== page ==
Print & online press
Interview: Philippe Halaburda - Abstract emotion
Philippe Halaburda is a busy man. The French-born, New York-based abstract artist is a conduit of emotion, absorbing the environment around him and translating it, prolifically, into works that pull and tug on our subconscious. Abstract, geometric shapes burst from his imagination, his color choices not unlike the works of the late modern master Henri Matisse, who also got his start in the South of France. There is no off switch: Halaburda’s hyper-inquisitive DNA fuels the inspiration behind his work, brilliant pieces created on a variety of mediums including canvas, paper, plexiglass, cardboard, and wood. He relentlessly explores the world around him, his iPhone at the ready, his mind ablaze with possibility. Equal parts New Age artist and old-school cartographer, Halaburda often melds these two passions, creating imaginary topographies that move the needle on a deeply emotional level. It’s all part of what makes Philippe Halaburda deliciously unique.
“Art is my love,” Halaburda says, settling into the interview. “When I am creating art, it’s important for me to have my own style. I’m not interested in doing something that has already been done.”
Like genius abstract artist Mark Rothko, who moved through many artistic styles until reaching his signature 1950s motif of soft, rectangular forms floating on a stained field of color, Halaburda has also undergone his own transformation. Several of them, actually. The purity of his abstractions and methodical practice by which he arrives at them make his work instantly recognizable, and the radically simplified elements reflect what he sees as the spiritual order underlying the visible world, creating a clear, universal aesthetic language within his canvases. While his art has been compared to the Suprematism movement of late Russian avant-garde artist Kazimir Malevich, there are also traces of the De Stijl movement championed by the Dutch master, Piet Mondrian. It’s as if both styles were fed through the blender of Halaburda’s mind until something entirely new poured out.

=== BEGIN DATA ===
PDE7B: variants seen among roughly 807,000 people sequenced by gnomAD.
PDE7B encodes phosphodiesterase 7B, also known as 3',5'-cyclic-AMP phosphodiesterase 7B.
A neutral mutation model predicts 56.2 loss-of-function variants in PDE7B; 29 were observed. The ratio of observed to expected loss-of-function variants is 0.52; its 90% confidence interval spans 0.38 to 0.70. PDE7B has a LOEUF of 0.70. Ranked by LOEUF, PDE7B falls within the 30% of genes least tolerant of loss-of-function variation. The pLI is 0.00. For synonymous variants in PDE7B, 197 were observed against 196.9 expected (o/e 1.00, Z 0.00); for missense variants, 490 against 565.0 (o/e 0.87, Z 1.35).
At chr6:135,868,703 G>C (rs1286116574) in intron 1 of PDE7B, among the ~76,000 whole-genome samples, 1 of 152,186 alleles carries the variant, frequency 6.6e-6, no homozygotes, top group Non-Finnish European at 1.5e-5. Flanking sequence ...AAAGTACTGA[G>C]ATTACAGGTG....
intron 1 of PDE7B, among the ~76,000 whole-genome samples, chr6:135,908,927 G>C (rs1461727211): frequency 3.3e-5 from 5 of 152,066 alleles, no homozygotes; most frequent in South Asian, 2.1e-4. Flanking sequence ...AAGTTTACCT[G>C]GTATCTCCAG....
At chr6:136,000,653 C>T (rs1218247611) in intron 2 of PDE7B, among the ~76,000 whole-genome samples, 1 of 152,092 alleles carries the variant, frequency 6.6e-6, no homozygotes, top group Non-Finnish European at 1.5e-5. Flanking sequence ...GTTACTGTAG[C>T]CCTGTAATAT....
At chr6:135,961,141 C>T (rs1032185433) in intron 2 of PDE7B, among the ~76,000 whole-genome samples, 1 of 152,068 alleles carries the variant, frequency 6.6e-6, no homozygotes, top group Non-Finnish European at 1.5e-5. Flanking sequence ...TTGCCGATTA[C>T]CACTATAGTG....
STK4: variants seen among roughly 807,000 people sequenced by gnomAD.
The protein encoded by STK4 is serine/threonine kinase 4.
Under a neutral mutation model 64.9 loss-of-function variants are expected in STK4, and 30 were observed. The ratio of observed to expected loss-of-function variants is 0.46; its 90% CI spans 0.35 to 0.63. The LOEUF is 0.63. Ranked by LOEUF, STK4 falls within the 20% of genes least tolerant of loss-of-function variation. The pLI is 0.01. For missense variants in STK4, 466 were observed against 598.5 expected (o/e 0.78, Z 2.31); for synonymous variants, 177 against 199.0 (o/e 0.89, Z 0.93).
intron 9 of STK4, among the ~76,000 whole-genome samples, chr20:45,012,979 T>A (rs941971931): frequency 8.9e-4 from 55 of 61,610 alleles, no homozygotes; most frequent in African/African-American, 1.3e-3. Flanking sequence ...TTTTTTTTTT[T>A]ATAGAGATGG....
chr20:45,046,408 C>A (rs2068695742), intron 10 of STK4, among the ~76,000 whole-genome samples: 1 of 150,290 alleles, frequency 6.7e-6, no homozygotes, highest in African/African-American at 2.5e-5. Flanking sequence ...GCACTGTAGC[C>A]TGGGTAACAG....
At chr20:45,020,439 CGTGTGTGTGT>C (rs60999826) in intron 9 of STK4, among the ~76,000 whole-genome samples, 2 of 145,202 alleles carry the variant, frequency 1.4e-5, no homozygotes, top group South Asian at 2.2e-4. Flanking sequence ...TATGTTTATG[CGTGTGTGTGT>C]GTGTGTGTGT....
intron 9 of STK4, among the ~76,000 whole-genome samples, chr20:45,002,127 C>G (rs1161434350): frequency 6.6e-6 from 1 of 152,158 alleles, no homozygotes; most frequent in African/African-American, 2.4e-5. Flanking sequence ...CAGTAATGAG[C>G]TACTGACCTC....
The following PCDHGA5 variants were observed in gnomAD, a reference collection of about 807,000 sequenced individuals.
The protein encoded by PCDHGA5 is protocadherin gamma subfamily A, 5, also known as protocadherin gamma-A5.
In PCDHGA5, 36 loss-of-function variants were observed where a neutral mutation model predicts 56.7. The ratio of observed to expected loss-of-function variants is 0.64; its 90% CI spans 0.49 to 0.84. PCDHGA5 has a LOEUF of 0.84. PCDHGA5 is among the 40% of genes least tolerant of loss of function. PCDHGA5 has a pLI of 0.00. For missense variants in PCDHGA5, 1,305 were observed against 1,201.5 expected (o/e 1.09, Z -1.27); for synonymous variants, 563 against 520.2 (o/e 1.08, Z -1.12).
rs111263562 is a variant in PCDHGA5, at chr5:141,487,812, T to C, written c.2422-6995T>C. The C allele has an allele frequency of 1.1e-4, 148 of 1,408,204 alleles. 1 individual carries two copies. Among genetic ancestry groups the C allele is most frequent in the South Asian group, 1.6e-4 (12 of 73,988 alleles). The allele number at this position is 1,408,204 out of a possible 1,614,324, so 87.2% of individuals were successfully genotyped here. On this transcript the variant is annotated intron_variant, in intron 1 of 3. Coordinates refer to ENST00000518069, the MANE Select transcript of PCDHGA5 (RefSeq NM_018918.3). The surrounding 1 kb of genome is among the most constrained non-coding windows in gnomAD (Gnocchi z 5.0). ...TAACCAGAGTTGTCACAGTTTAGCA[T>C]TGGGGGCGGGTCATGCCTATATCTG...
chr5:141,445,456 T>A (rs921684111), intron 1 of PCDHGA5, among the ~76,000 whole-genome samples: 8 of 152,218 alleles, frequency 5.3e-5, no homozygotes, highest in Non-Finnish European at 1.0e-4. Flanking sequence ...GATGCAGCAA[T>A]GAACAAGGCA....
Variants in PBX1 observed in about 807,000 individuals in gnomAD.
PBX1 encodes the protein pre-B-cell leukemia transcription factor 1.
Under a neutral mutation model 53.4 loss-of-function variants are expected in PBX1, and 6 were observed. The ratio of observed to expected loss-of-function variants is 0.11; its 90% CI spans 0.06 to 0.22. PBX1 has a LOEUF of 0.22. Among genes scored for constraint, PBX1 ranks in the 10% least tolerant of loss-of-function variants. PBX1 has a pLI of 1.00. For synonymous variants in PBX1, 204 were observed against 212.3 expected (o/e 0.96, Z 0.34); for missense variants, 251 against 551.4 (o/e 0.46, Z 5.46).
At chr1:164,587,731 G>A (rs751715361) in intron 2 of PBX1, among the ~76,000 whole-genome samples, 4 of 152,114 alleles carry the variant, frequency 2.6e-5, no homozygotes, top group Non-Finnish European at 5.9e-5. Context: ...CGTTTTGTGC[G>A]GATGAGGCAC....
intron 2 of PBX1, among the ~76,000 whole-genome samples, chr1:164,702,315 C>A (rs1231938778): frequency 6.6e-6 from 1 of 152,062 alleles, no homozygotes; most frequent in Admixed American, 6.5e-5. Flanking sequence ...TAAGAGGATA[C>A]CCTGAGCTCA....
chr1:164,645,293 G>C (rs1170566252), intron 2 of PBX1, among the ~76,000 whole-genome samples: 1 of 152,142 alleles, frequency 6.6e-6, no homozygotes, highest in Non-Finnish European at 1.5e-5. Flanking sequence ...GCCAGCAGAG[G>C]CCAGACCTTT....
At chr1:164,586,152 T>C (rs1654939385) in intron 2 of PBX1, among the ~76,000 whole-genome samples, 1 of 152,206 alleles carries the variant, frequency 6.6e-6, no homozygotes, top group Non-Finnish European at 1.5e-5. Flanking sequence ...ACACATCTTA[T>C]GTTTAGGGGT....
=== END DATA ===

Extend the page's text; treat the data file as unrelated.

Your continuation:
“For me, relationships are the foundation of everything I create. Whether I’m in the studio with brush and canvas, or I’m on the street with my iPhone, my art is connected in some way to the deep, emotional elements built into relationships – whether that is contradiction, or harmony, or something entirely different.”